Romney’s up-and-down summer… Vin Weber signs on with Romney… Romney makes three stops in New Hampshire, while wife Ann stumps in Nevada… Report: Bachmann to unveil health-care plan soon… Rubio in the spotlight last night and says: “I’m not going to be the vice-presidential nominee”… But his speech gets overshadowed a bit by Nancy Reagan’s fall (she’s fine)… And DuPree wins gubernatorial run-off in Mississippi, making history (but he’s the underdog in the general election).
*** Romney’s up-and-down summer: Just like the Dow over the past couple of weeks, perceptions about Mitt Romney’s strength as the GOP front-runner have gone up and down this summer. At times (his fundraising, his performance so far at the debates, and his laser-like focus on the economy), Romney looks like he’s the nominee-in-waiting. But at other times, he appears vulnerable. In fact, that vulnerability has surfaced in the past two weeks. For starters, despite an overall strong performance at the Des Moines Register’s soap box, he let this line slip: “Corporations are people, my friend.” Next, he criticized President Obama’s Martha’s Vineyard vacation when it turns out he’s raising money in the Vineyard too -- as well as in the Hamptons. And then earlier this week came the news that he’s quadrupling the size of his $12 million beachfront home in La Jolla, CA. Isolated, none of these stories is big enough to bruise Romney. But taken together, they can solidify a narrative that his GOP rivals -- and Team Obama -- could exploit: that he might not be able to relate to the Americans who’ve been hurt most by the economy.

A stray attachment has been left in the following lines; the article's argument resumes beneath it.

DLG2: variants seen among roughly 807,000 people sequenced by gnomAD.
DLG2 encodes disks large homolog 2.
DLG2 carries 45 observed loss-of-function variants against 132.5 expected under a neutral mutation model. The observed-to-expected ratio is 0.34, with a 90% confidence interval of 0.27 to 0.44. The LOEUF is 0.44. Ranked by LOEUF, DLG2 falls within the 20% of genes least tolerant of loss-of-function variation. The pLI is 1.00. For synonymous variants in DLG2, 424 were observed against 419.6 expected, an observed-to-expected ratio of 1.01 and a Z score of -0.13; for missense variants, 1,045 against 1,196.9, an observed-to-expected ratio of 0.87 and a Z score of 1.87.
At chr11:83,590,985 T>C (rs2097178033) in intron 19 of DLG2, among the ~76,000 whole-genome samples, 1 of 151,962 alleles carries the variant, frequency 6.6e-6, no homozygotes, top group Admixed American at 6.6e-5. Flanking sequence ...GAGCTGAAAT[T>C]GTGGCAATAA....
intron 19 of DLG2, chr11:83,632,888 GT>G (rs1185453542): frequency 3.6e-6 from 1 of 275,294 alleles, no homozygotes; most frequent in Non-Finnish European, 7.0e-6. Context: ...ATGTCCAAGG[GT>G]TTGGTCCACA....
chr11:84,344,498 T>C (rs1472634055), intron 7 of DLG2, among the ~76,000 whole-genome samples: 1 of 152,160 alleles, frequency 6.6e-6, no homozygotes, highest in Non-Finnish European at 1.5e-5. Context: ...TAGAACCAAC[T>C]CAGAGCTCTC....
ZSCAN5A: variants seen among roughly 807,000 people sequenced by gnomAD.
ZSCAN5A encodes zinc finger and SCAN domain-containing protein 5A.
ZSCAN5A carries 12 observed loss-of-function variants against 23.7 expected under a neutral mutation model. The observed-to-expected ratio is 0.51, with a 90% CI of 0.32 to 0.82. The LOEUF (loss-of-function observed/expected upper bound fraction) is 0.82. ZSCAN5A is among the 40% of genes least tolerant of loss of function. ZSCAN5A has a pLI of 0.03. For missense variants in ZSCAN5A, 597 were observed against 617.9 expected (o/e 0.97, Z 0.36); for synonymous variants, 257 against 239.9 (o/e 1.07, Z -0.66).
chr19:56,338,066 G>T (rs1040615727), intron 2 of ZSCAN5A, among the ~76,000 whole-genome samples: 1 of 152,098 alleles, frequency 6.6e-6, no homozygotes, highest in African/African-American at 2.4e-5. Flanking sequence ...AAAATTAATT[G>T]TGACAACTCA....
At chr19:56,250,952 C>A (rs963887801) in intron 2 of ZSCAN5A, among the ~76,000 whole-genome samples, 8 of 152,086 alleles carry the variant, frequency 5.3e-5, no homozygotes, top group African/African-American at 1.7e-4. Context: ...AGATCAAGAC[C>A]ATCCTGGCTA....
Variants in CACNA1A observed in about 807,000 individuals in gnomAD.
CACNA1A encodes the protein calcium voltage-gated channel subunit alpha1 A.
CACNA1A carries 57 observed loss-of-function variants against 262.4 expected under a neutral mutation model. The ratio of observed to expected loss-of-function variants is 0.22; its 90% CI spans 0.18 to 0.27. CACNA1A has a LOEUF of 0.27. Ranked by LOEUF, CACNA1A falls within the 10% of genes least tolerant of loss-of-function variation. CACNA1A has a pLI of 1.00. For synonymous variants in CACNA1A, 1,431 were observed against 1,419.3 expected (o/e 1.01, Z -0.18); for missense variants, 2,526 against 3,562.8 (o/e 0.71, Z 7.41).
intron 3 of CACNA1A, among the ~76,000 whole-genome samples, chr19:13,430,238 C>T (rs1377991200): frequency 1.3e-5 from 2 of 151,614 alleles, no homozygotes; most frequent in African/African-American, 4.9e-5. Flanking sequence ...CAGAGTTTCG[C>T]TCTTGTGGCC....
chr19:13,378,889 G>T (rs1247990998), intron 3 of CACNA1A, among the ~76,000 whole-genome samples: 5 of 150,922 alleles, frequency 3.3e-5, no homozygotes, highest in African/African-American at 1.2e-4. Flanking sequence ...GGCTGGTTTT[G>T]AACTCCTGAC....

Mitt Romney speaking at the Iowa State Fair.
*** But is it a surprise that Romney is rich? Yet a source close to Romney World doubts these stories -- especially the one about the La Jolla home -- will have an impact. “The fact that he has been very successful in the private sector has already been well-established. I'd be surprised anyone was surprised by that,” the source tells First Read. “Given the current state of economic exasperation, the voters who are most persuadable right now are much more inclined to judge candidates based on their vision or plan to put America back to work. They're asking: 'What can you do to fix the economy so I have a job tomorrow?'”